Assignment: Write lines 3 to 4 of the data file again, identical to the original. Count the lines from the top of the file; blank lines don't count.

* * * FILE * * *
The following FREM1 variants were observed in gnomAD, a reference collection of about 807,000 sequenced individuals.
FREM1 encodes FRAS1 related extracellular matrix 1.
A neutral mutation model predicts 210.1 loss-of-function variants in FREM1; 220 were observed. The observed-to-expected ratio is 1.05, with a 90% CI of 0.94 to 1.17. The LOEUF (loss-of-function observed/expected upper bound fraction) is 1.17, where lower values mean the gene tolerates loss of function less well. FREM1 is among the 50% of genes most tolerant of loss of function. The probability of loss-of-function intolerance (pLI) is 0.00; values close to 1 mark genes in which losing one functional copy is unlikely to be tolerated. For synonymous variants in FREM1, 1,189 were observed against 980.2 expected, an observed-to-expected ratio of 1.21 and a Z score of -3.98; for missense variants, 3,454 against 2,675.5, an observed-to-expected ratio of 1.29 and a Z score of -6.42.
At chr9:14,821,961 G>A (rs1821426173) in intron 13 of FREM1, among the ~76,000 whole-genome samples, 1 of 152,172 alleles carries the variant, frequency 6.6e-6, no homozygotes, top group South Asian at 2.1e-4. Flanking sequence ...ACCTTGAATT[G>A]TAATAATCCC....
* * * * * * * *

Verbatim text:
A neutral mutation model predicts 210.1 loss-of-function variants in FREM1; 220 were observed. The observed-to-expected ratio is 1.05, with a 90% CI of 0.94 to 1.17. The LOEUF (loss-of-function observed/expected upper bound fraction) is 1.17, where lower values mean the gene tolerates loss of function less well. FREM1 is among the 50% of genes most tolerant of loss of function. The probability of loss-of-function intolerance (pLI) is 0.00; values close to 1 mark genes in which losing one functional copy is unlikely to be tolerated. For synonymous variants in FREM1, 1,189 were observed against 980.2 expected, an observed-to-expected ratio of 1.21 and a Z score of -3.98; for missense variants, 3,454 against 2,675.5, an observed-to-expected ratio of 1.29 and a Z score of -6.42.
At chr9:14,821,961 G>A (rs1821426173) in intron 13 of FREM1, among the ~76,000 whole-genome samples, 1 of 152,172 alleles carries the variant, frequency 6.6e-6, no homozygotes, top group South Asian at 2.1e-4. Flanking sequence ...ACCTTGAATT[G>A]TAATAATCCC....